Peace Corps Kyrgyzstan

Friday, October 01, 2004

Beware of exploding light bulbs!

I was in my room the other night studying my Russian like a good PCT (Peace Corps Tainee) and POP!—just like a champagne cork, my light bulb ejected from its socket and fell through the sour sock smell of my room’s atmosphere (right passed my head) and landed on the rug below. The glass portion of this miniature Sputnik remained entirely intact, save where it separated from the socket.

“Wow!…Momma, Yulia [my sister] hmmm…Nyet Sviet, nyet sviet [no light, no light]”

“Pocheemoo? [why?]” asked momma.

Unfortunately, after seven years of “higher education” I still don’t know what makes the glass part of a light bulb explode from its screwed-in socket and nearly burn the foreigner it had been so benignly illuminating seconds before…and if I did, I there’s no way I could explain it in Russian.

After a short discussion, 97% of which motivates me to keep studying Russian, my mother disappeared from the house. Within seconds she was back, dragging a skinny, sleepy-eyed Russian man by the arm. My Russian isn’t too good yet, but I did manage, “Momma, from where man?” and “this man who?”

My sister explained that he was our neighbor and an electrician and sure enough, without hesitation he climbed atop a chair, pulled a pair of needle-nose from his pocket and started to raise his arm toward the socket. He paused and turned to Yulia, mumbling something in Russian. Yulia turned to me, “he says this very dangerous and don’t try without much practice”.

I explained to my sister that I would be happy not to play with live wires and that she should not worry.

As our wiry electrically enlightened Russian neighbor unscrewed Sputnik’s booster rocket from its socket, he explained that the wiring was very old, probably from Stalin’s time (now, this I took to be an exaggeration since the house was built during the Brezhnev era), but he got his point across and we all had a good laugh.

Addenda: About a week ago my fellow volunteers pointed out that when I tried to speak in Russian, I spoke with an Italian accent. Moreover, now when I speak English to a Kyrgyz or Russian person, I use a Russian accent. Perhaps soon I will eliminate the Faux-Italian sounding Russian speaking and replace my Russian sounding English speaking with Russian sounding Russian speaking. Did you get all that?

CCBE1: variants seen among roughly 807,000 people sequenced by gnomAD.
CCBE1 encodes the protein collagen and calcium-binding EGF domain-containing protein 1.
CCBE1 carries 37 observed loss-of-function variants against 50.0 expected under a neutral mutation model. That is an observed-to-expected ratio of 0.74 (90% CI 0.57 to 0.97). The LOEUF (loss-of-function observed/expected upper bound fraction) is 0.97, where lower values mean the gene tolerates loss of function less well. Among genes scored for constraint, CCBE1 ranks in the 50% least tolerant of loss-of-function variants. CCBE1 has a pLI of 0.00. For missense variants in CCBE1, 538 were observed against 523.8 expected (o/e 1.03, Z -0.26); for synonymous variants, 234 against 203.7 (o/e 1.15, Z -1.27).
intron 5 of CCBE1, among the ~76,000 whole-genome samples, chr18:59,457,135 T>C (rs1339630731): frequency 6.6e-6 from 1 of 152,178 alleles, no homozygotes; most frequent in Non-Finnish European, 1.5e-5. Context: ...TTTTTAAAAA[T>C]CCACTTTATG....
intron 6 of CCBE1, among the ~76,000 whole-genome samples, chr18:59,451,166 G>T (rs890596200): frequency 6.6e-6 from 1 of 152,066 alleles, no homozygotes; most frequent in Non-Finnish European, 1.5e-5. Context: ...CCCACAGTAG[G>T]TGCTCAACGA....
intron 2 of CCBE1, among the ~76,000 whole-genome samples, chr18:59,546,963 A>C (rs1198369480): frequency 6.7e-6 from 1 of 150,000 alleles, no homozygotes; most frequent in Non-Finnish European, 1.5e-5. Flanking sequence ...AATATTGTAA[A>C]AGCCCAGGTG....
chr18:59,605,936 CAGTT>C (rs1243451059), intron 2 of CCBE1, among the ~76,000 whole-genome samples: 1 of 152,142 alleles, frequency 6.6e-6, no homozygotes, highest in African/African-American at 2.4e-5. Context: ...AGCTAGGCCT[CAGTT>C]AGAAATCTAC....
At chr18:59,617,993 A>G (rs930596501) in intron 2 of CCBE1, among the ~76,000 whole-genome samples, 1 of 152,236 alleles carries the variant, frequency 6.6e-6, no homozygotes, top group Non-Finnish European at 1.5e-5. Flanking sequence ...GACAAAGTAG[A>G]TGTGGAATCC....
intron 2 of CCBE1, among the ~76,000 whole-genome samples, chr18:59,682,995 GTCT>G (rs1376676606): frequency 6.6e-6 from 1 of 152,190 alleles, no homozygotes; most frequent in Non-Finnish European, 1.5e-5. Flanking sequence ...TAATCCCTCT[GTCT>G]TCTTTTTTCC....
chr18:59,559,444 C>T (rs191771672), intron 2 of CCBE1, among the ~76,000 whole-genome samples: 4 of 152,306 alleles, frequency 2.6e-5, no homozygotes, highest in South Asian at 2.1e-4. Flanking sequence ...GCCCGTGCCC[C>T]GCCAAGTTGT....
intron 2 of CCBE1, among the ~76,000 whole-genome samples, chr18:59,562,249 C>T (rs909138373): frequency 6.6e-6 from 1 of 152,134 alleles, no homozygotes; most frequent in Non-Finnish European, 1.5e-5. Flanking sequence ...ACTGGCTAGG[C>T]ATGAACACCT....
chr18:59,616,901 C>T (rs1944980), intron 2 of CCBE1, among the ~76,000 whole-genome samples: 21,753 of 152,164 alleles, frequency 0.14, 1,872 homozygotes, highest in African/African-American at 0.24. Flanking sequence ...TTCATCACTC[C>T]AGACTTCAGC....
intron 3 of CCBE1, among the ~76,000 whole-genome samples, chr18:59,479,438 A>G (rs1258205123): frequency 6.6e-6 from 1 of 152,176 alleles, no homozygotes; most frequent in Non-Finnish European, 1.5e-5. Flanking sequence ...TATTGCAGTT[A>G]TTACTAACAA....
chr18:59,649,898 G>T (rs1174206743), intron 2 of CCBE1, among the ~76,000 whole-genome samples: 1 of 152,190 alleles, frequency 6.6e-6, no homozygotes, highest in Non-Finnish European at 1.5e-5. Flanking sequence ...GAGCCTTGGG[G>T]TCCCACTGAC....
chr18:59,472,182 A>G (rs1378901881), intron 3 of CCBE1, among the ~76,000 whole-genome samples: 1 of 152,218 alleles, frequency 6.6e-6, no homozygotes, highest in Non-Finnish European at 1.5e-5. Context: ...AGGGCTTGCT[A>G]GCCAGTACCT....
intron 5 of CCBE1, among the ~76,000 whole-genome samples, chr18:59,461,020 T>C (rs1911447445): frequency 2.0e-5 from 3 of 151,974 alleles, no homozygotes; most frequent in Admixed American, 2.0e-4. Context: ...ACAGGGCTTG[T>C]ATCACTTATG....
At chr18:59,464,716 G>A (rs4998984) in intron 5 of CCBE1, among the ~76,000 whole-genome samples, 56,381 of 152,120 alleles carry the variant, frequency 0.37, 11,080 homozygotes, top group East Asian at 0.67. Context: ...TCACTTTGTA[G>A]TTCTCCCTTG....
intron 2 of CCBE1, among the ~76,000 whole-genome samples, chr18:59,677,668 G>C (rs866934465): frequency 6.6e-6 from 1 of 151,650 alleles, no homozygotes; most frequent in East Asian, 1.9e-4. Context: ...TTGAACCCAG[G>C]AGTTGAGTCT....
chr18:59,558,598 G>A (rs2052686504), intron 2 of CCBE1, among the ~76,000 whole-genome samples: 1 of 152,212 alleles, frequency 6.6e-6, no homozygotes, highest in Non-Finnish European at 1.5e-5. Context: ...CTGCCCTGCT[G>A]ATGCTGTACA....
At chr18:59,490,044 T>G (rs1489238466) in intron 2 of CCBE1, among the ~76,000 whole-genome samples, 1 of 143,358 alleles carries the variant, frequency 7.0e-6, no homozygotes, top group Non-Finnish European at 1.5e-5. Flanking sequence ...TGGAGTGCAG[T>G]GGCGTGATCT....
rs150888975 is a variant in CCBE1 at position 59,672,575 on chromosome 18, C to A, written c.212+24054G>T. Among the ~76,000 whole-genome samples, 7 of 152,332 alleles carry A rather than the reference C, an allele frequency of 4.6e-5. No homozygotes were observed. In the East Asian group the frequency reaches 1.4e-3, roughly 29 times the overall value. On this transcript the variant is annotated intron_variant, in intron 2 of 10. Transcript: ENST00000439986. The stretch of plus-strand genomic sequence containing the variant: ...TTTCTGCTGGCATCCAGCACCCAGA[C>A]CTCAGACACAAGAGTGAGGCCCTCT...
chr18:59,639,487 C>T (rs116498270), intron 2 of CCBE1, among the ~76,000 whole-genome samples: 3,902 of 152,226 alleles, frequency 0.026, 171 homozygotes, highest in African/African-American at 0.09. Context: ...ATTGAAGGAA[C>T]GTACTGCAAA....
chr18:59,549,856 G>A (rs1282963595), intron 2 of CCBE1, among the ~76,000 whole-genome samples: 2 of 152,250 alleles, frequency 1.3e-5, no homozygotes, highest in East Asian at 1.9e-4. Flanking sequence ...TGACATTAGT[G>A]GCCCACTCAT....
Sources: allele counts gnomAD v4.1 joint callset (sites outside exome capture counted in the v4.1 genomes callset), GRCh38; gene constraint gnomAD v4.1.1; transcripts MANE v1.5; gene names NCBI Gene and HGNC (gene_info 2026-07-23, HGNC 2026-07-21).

Speaking of Language, I attend a Russian language class with three others and we share the best language instructor that PC has to offer. Our professor, Usien, attended Moscow University and speaks 7 languages. More importantly, he is incredibly kind, patient and creative in his teaching. 5 days a week I walk one mile down the main road in Ivanovka to Usien’s host-home. We study Russian from 8:30-12:30 with a 15 minute coffee break around 10:45AM.
Over the past 7 days I have walked over 24 miles. I now weigh 94 pounds. Just kidding, if anything I’ve been packing on the pounds. I eat pasta, bread and potatoes everyday (Atkins would have had a heart attack if he—wait a minute, he did have heart attack—scratch that).

(As I was writing this, I was just introduced to my first Tajik refugee. I wish I could write more about this, but truly it was just an introduction and then he left. As you may recall, the NGO I am working with here in Ivanovka works with Tajiks who fled Tajikistan during the civil war from 1992-95. I know very little about this civil war and have limited access to information and the internet—So if any of you who read this blog could google it, it would be much appreciated. My sister and I are writing a grant proposal to obtain funding for seminars that provide Tajik refugees with basic knowledge about how to obtain Kyrgyz citizenship.

Jake, thanks for the post! Hope the Vikes are doing well. As for things I could use...actually not too much yet...but there are a couple.Coffee (ground for a french press---all I’ve had is instant and although the chai is good, coffee would rock!)2-3 cheap Potatoe peelers and a few blank CDs. Thanks!!!! Mom, I hope your trip to Alaska went well. I would love an update about it! Keith said you saw some whales and dolphins. Sounds great. Hope you are doing well. I'll write more later. Take care, Love Larry. Tomorrow (Saturday) is culture day and a field trip to Burana Tower. Gotta RUn. Take care.



    By Anonymous Anonymous, At 9:58 AM  

  • Larry, Larry - what adventures you have been having! I'm sitting in a garage at Terry's house on a beautiful Saturday afternoon in Minnesota. I certainly hope you are enjoying yourself and are helping to reverse the damage to US prestige that I magnify every time I try to help an international student get on the network at WMCL! I will e you later but the best of luck to you mio fratello - Joe Ketzner

    By Blogger Joe, At 12:10 PM  

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